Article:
Caged in groups, hundreds of love birds, rabbits, cats, and dogs are stuck in the 100-sqft shops of the Dhaka University Market at Katabon – the largest pet-trading hub in Dhaka.
When the shops remain closed, an 8-sqft vent attached to the shutter allows for air supply. During a long-term shutdown though, this is insufficient for the animals because the shops lack exhaust ventilation systems.
Before the nationwide shutdown came into effect on March 26, the caged animals could breathe fresh air for at least 12 hours a day. However, now the shops are open for barely four hours a day, leaving the animals and birds longing for a breath of fresh air.
"As law enforcement agencies are restricting the full-fledged operation of market places, pet traders are struggling to keep their animals alive," said Bazlur Rahman Shikder, general secretary of the Dhaka University Market Aqua and Pet Association.
He said the mortality rate at the pet market is still "insignificant," but it will increase if the animals do not get a "livable environment."
To comply with the government-imposed shutdown, the association issued a letter on March 23, requesting shop owners halt their business operations until March 31.
However, the letter also reads that owners may open the shops for five hours – from 11:00am to 2:00pm and 7:00pm to 9:00pm – to provide food for the animals and allow for a fresh air supply.
However, law enforcement is not allowing Katabon-based pet shops to stay open for the five hours in the morning.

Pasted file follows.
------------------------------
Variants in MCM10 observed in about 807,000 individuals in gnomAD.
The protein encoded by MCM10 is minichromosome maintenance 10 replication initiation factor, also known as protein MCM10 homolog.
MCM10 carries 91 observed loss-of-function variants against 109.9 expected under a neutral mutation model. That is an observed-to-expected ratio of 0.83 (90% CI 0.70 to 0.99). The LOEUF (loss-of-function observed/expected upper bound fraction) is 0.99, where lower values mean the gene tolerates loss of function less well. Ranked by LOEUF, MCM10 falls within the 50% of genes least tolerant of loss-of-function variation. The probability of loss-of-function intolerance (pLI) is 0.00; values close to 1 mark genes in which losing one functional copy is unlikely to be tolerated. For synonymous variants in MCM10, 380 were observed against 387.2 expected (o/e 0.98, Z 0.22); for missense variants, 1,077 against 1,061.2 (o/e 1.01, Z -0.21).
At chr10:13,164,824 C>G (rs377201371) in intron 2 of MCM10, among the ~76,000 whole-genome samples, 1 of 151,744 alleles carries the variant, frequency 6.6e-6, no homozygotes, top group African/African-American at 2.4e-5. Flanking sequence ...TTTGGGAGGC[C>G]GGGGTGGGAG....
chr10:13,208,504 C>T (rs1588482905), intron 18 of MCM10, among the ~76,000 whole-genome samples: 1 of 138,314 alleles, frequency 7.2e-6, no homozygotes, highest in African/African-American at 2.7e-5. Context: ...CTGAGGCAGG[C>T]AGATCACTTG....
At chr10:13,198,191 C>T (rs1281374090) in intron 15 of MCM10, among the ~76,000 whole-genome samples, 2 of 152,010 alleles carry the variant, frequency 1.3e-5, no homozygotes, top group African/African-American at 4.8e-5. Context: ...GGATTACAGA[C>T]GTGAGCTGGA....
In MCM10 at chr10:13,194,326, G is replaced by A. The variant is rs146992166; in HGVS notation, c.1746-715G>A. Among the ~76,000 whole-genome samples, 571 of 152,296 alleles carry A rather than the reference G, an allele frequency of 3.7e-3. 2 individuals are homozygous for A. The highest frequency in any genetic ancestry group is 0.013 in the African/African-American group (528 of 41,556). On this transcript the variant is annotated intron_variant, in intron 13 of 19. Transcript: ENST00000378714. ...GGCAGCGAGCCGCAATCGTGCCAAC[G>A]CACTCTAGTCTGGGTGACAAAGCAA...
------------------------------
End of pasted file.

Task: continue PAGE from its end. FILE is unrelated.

Earlier, the association requested that the police allow the pet shops to stay open for the five hours. But, the police told the traders to keep the shutters only half-open for a mere 30 minutes, twice a day.
Among the 350 shops of the Dhaka University Market, 60 sell live animals and birds worth over Tk1 crore, according to traders.
Muhammad Sumon, owner of pet shop New Birds Paradise, has to walk all the way from Lalbagh to Katabon four times a day just to keep the animals alive. Sometimes, he has to dodge law enforcement personnel so that he can feed home-cooked food to them.
Sumon currently has animals worth more than Tk1.5 lakh at his shop. Among the pets are a pair of six-month old Pomeranian dogs – each worth Tk30,000 – and a Persian cat worth Tk15,000.
"We consider the pets our children. They are our business capital too. So we always try to keep them alive. However, we are struggling to do so amid this nation-wide shutdown," Sumon said.
According to Dr Mahmudar Rahman, chief veterinary surgeon of Obhoyaronno – Bangladesh Animal Welfare Foundation, limited access to fresh air will push the caged animals to death.
Hence, the pet traders' association has requested the authorities concerned, particularly the Department of Livestock Services (DLS) and the Forest Department, to take necessary steps in this regard.
Dhaka District Livestock Officer Md Emdadul Haque Talukder told The Business Standard that they had discussed the issue with administrative and law enforcement officials so that pet traders could have more access to look after the animals.
"Additionally, a Thana Livestock Officer has been assigned to monitor the Katabon market. In case of emergencies, we will provide necessary support."
Md Abul Hasan, officer-in-charge of the Shahbag police station, said pet traders can have the necessary time to look after their animals.
"Additionally, we have requested them to move the animals to a more convenient location if possible."